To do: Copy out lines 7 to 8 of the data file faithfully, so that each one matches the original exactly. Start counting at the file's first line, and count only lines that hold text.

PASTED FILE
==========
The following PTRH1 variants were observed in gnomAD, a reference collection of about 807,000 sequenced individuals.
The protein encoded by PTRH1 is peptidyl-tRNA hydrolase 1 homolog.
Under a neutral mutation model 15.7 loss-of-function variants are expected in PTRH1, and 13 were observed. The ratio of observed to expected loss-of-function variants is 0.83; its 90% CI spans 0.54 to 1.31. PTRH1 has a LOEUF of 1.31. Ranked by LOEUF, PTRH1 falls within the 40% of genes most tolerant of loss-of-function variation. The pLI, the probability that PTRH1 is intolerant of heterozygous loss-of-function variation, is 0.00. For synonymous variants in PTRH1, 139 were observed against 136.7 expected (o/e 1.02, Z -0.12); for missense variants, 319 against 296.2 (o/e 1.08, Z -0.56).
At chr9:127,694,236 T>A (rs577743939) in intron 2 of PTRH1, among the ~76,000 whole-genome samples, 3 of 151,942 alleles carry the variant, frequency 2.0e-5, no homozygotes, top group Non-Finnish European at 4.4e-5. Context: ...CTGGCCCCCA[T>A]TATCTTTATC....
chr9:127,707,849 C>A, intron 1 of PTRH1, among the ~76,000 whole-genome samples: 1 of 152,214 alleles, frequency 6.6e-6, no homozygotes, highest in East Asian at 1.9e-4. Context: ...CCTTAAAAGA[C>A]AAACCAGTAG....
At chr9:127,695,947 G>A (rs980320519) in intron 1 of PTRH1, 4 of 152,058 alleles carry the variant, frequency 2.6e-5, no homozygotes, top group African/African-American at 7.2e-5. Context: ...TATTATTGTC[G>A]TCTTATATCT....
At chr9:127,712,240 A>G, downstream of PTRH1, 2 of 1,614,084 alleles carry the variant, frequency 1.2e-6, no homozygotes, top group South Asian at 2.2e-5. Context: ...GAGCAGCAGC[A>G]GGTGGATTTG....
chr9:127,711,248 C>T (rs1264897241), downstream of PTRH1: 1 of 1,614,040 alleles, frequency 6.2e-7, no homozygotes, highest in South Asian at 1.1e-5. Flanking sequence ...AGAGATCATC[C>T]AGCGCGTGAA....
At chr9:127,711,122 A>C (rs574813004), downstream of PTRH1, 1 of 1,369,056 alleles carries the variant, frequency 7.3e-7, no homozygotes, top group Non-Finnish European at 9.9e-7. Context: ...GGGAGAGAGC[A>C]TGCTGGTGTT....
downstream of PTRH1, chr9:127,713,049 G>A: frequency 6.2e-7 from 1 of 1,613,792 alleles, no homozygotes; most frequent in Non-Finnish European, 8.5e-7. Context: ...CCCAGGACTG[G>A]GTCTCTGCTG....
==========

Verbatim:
At chr9:127,712,240 A>G, downstream of PTRH1, 2 of 1,614,084 alleles carry the variant, frequency 1.2e-6, no homozygotes, top group South Asian at 2.2e-5. Context: ...GAGCAGCAGC[A>G]GGTGGATTTG....
chr9:127,711,248 C>T (rs1264897241), downstream of PTRH1: 1 of 1,614,040 alleles, frequency 6.2e-7, no homozygotes, highest in South Asian at 1.1e-5. Flanking sequence ...AGAGATCATC[C>T]AGCGCGTGAA....